Acute cases of antifreeze toxicity (when an animal consumes antifreeze) often present as if the animal is intoxicated with alcohol. The kidneys are the target organ; antifreeze destroys the kidney tissue.
This is an emergency situation and life-threatening within hours. Please see your veterinarian immediately, as the success of treatment depends on how quickly your pet can get medical care.
Antifreeze and What It Is Used For
Antifreeze is a syrupy liquid that is usually brightly colored; neon green or neon pink. It may be found leaking under cars in the heat of summer or after engine maintenance. Spills of this liquid are also common in winter months as car owners perform seasonal engine maintenance.
Antifreeze is used in the plumbing systems of cabins and other vacation homes in extreme climates to prevent broken pipes in winter. Antifreeze may also be used to weigh down portable basketball hoops.
This chemical is an ingredient of de-icers, hydraulic brake fluids, and photograph-developing chemicals. Antifreeze is odorless and has a sweet taste, which can be attractive to curious and thirsty animals and children.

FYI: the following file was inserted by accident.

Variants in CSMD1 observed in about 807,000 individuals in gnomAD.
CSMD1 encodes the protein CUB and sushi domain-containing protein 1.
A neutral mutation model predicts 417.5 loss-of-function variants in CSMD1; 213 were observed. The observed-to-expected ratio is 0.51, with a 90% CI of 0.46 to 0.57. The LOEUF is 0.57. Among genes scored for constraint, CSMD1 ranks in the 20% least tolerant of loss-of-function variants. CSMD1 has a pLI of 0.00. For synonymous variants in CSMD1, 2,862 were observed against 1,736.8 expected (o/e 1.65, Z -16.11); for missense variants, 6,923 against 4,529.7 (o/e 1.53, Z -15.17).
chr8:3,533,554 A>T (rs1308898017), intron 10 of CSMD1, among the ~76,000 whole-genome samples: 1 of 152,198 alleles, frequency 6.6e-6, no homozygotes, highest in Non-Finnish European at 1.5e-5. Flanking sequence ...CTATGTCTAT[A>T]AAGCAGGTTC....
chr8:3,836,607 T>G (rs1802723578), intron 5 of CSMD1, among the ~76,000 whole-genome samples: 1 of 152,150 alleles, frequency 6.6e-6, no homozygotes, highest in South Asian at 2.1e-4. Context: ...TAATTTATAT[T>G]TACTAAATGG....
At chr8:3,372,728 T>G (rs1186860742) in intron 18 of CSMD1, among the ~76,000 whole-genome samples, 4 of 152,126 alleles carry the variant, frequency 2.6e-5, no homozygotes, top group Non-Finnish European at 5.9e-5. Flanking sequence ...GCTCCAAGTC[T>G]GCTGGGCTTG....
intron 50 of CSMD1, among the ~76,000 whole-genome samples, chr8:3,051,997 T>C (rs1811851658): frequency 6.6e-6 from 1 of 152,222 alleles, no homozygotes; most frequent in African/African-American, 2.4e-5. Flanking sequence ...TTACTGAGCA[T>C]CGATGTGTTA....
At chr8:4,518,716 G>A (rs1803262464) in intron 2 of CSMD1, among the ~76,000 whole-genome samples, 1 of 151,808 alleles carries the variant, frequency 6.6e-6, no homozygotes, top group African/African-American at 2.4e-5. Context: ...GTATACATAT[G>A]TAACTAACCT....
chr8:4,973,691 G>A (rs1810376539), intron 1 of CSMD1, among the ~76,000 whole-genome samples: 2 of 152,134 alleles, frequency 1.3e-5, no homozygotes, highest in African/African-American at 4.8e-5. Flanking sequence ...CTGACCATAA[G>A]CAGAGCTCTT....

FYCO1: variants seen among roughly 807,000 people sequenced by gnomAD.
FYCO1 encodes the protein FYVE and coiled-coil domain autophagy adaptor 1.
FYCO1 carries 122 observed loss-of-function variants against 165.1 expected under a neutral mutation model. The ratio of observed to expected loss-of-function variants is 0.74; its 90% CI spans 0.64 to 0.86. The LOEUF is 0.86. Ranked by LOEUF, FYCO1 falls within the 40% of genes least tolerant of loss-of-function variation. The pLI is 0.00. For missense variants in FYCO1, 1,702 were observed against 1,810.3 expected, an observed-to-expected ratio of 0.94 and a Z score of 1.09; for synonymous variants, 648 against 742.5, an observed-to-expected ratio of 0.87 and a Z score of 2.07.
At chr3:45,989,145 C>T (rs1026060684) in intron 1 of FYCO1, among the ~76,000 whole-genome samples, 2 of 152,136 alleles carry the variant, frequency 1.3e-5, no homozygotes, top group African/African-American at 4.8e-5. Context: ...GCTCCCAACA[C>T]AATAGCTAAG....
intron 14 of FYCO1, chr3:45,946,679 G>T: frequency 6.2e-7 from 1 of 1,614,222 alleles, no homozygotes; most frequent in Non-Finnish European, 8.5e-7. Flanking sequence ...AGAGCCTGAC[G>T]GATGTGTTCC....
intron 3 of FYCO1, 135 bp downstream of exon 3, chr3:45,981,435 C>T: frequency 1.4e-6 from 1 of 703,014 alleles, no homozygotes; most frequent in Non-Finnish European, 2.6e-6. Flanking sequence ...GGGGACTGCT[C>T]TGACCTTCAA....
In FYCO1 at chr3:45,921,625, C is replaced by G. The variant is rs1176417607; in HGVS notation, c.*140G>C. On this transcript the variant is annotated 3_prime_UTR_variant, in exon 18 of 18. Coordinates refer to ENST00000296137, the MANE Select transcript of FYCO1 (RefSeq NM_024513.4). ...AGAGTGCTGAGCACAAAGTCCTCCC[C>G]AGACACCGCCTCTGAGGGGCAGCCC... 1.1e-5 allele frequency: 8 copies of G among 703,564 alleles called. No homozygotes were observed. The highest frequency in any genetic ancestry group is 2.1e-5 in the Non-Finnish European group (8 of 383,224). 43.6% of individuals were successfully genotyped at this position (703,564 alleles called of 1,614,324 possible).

Early Stage of Antifreeze Toxicity
Acute cases of antifreeze toxicity (within 12 hours of ingestion) often present as if the animal was intoxicated with alcohol, exhibiting an unsteady gait.
Signs may include:
Antifreeze Toxic Effects on Kidneys
The kidneys are most severely affected, and even if the animal seems to improve initially with treatment, they may succumb shortly after to kidney failure (3-5 days post ingestion). The kidneys shut down, and the animal is unable to produce urine.
This type of kidney failure usually happens 12-24 hours after ingestion in cats, and 36-72 hours post ingestion in dogs. Again, success of treatment is dependent upon quick treatment. If antifreeze ingestion is known or even suspected, do not delay -- contact your veterinarian immediately. This is not a "wait-and-see" situation; kidney damage will be more severe as time (hours) go by.
A Safer Antifreeze Alternative
A safer alternative to traditional antifreeze (ethylene glycol) is propylene glycol. Like ethylene glycol, propylene glycol is odorless but differs in that it is virtually tasteless and does not cause kidney damage like traditional antifreeze.
Propylene glycol has been approved by the FDA (Food and Drug Administration) as a food additive. It is classified as "generally recognized as safe" for human consumption, but not for cats.
Please note: This article has been provided for informational purposes only. If your pet ingests (known or suspected) antifreeze, or is showing any signs of illness, please consult a veterinarian as quickly as possible.